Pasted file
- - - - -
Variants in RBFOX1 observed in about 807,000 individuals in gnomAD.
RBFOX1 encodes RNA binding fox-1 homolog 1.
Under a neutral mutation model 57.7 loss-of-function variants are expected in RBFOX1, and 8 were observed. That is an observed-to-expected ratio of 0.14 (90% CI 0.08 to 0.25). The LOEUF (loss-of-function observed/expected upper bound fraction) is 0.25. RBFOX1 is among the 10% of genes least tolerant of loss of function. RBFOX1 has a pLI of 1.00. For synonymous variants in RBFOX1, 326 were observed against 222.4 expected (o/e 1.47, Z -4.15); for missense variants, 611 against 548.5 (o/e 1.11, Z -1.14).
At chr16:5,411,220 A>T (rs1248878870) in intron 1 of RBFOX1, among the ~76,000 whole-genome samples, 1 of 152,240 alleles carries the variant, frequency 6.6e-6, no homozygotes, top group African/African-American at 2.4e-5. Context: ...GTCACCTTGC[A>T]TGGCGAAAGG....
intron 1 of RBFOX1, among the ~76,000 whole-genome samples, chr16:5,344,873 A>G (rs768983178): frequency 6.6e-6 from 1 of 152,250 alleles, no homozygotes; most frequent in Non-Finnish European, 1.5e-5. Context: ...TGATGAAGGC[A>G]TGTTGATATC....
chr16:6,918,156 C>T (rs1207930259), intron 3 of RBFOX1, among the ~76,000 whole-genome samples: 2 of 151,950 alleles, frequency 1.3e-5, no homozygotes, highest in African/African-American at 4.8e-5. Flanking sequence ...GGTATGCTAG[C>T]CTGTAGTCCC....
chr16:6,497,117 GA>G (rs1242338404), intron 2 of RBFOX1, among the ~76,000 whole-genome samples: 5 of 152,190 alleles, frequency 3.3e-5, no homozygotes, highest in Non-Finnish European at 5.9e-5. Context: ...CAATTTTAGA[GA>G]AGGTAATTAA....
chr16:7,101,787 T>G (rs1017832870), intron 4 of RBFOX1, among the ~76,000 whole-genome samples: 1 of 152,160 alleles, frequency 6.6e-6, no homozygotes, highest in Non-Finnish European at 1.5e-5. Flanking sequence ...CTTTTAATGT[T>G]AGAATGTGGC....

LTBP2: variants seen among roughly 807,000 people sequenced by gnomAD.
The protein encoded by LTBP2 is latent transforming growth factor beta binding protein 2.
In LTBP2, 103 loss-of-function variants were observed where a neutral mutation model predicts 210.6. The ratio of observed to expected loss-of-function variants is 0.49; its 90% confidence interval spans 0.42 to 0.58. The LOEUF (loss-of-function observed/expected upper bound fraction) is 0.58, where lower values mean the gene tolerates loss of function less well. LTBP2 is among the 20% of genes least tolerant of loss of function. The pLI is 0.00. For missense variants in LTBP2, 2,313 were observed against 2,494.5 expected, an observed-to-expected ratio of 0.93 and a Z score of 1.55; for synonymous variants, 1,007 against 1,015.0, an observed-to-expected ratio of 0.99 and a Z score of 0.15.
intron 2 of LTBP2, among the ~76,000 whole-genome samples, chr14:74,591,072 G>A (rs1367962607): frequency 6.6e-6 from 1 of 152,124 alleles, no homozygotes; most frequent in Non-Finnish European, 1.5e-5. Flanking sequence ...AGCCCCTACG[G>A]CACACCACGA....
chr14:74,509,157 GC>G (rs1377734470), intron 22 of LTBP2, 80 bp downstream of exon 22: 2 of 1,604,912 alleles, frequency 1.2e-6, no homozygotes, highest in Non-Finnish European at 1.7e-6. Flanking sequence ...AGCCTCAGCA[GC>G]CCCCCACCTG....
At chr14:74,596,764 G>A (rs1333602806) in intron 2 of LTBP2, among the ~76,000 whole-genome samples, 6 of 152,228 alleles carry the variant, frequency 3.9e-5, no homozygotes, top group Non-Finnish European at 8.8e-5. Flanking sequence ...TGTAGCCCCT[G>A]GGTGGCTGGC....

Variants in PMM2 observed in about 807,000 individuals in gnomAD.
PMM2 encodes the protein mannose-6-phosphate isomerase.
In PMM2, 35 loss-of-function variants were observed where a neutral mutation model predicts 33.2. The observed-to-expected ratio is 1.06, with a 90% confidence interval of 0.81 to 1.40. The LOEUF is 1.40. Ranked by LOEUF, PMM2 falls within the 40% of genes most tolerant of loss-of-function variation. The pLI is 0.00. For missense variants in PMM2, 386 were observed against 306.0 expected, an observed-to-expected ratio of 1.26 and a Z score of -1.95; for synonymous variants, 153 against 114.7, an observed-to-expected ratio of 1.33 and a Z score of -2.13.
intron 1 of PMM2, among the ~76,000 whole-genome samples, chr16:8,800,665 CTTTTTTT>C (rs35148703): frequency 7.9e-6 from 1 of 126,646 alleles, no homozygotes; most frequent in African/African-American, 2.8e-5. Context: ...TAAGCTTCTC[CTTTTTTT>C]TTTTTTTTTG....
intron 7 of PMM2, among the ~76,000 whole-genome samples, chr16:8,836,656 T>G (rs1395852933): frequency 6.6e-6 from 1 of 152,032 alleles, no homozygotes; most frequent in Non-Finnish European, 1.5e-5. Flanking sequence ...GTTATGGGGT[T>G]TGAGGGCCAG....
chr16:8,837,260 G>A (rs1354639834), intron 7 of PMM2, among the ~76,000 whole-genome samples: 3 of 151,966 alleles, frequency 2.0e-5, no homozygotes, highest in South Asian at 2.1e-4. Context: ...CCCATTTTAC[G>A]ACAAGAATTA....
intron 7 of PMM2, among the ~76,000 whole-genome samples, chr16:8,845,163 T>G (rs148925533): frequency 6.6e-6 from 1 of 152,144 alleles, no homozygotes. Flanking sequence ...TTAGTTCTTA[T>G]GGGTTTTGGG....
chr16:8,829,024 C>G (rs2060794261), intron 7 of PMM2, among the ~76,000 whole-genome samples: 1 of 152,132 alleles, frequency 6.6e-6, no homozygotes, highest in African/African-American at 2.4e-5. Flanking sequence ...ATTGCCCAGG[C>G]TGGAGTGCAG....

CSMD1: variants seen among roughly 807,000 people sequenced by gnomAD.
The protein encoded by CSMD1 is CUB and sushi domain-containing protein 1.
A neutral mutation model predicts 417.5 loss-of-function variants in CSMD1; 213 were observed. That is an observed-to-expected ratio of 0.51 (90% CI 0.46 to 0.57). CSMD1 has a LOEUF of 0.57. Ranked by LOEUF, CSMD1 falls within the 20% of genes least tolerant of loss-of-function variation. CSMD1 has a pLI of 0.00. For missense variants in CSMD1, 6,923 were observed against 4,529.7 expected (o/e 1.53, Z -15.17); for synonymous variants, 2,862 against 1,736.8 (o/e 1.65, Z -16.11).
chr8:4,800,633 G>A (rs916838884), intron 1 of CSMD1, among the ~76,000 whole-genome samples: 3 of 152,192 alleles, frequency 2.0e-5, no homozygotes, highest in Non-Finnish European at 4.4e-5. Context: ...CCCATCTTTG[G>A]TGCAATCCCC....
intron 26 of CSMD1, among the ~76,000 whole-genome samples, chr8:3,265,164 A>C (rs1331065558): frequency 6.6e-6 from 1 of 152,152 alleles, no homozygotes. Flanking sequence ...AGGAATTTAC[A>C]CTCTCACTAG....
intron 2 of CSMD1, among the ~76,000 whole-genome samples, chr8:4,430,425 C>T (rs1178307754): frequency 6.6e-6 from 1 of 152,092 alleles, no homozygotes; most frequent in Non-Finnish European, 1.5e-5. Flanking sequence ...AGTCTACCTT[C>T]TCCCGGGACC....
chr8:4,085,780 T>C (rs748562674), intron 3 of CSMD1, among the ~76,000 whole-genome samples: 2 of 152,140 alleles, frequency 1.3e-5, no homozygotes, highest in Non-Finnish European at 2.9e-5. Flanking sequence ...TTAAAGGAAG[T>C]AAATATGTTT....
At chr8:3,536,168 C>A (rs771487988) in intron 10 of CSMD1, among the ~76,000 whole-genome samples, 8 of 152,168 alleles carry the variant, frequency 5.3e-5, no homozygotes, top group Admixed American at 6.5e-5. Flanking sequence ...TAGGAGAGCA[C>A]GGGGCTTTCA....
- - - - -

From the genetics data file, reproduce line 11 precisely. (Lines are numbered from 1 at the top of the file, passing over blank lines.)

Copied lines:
In LTBP2, 103 loss-of-function variants were observed where a neutral mutation model predicts 210.6. The ratio of observed to expected loss-of-function variants is 0.49; its 90% confidence interval spans 0.42 to 0.58. The LOEUF (loss-of-function observed/expected upper bound fraction) is 0.58, where lower values mean the gene tolerates loss of function less well. LTBP2 is among the 20% of genes least tolerant of loss of function. The pLI is 0.00. For missense variants in LTBP2, 2,313 were observed against 2,494.5 expected, an observed-to-expected ratio of 0.93 and a Z score of 1.55; for synonymous variants, 1,007 against 1,015.0, an observed-to-expected ratio of 0.99 and a Z score of 0.15.